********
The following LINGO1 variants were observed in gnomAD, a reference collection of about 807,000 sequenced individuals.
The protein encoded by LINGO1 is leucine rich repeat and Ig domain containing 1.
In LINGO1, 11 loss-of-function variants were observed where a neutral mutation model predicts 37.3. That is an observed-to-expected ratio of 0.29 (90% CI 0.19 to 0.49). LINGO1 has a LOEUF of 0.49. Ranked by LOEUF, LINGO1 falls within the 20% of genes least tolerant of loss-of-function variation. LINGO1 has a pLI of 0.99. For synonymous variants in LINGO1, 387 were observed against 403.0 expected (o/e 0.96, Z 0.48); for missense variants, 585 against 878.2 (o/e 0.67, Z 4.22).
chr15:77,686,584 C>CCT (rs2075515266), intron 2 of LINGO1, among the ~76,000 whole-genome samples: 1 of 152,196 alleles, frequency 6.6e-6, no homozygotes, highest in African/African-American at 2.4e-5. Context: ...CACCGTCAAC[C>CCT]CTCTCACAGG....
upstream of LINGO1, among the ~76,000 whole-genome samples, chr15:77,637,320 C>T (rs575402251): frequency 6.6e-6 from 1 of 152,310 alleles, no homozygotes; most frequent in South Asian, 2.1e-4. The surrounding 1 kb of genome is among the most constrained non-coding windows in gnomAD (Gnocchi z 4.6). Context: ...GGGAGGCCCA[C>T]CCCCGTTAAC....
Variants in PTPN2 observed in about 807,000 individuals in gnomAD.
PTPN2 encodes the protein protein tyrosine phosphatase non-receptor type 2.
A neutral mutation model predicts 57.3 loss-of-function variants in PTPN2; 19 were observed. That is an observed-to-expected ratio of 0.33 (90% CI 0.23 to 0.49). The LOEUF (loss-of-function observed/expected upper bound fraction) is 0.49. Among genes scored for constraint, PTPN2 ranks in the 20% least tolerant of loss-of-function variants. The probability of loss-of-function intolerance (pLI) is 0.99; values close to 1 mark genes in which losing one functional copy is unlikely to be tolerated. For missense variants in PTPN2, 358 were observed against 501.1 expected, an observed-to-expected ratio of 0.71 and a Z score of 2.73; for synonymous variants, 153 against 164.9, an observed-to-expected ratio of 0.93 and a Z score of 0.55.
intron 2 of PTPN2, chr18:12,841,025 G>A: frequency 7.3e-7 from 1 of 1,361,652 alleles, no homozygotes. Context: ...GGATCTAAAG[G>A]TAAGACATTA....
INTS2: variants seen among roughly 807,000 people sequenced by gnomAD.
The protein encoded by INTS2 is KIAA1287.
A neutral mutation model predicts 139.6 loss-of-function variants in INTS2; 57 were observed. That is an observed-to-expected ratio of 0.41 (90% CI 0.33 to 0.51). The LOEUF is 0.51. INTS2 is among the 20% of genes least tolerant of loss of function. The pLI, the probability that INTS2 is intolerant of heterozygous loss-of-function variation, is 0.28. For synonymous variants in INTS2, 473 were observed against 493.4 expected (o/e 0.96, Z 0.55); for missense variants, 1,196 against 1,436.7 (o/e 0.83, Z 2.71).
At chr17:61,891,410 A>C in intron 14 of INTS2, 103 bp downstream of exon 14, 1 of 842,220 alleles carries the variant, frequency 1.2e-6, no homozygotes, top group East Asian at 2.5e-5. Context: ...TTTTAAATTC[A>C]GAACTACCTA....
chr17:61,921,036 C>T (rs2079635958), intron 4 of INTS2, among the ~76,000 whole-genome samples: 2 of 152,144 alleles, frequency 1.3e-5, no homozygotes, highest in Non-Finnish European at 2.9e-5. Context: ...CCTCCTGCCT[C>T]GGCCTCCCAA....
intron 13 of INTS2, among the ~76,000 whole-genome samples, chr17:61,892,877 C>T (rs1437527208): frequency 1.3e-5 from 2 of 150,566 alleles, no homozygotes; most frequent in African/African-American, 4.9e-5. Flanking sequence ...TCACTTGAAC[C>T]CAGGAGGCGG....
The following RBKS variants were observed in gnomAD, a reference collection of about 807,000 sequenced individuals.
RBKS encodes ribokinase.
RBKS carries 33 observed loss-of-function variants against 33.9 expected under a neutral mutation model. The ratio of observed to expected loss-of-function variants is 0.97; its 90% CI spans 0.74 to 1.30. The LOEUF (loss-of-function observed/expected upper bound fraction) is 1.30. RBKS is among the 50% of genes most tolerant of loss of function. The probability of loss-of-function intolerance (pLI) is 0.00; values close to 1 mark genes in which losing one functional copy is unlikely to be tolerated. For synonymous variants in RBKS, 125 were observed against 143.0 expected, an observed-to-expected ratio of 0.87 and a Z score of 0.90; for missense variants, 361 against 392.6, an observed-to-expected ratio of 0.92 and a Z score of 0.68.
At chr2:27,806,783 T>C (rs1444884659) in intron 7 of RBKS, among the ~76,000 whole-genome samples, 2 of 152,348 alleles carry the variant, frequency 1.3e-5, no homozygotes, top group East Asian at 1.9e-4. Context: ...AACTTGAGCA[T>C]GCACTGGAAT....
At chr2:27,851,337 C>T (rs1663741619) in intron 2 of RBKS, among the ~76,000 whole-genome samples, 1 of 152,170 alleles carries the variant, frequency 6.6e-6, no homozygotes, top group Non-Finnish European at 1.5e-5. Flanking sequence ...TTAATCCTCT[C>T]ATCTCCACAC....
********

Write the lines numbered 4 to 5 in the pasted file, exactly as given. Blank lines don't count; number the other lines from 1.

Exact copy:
chr15:77,686,584 C>CCT (rs2075515266), intron 2 of LINGO1, among the ~76,000 whole-genome samples: 1 of 152,196 alleles, frequency 6.6e-6, no homozygotes, highest in African/African-American at 2.4e-5. Context: ...CACCGTCAAC[C>CCT]CTCTCACAGG....
upstream of LINGO1, among the ~76,000 whole-genome samples, chr15:77,637,320 C>T (rs575402251): frequency 6.6e-6 from 1 of 152,310 alleles, no homozygotes; most frequent in South Asian, 2.1e-4. The surrounding 1 kb of genome is among the most constrained non-coding windows in gnomAD (Gnocchi z 4.6). Context: ...GGGAGGCCCA[C>T]CCCCGTTAAC....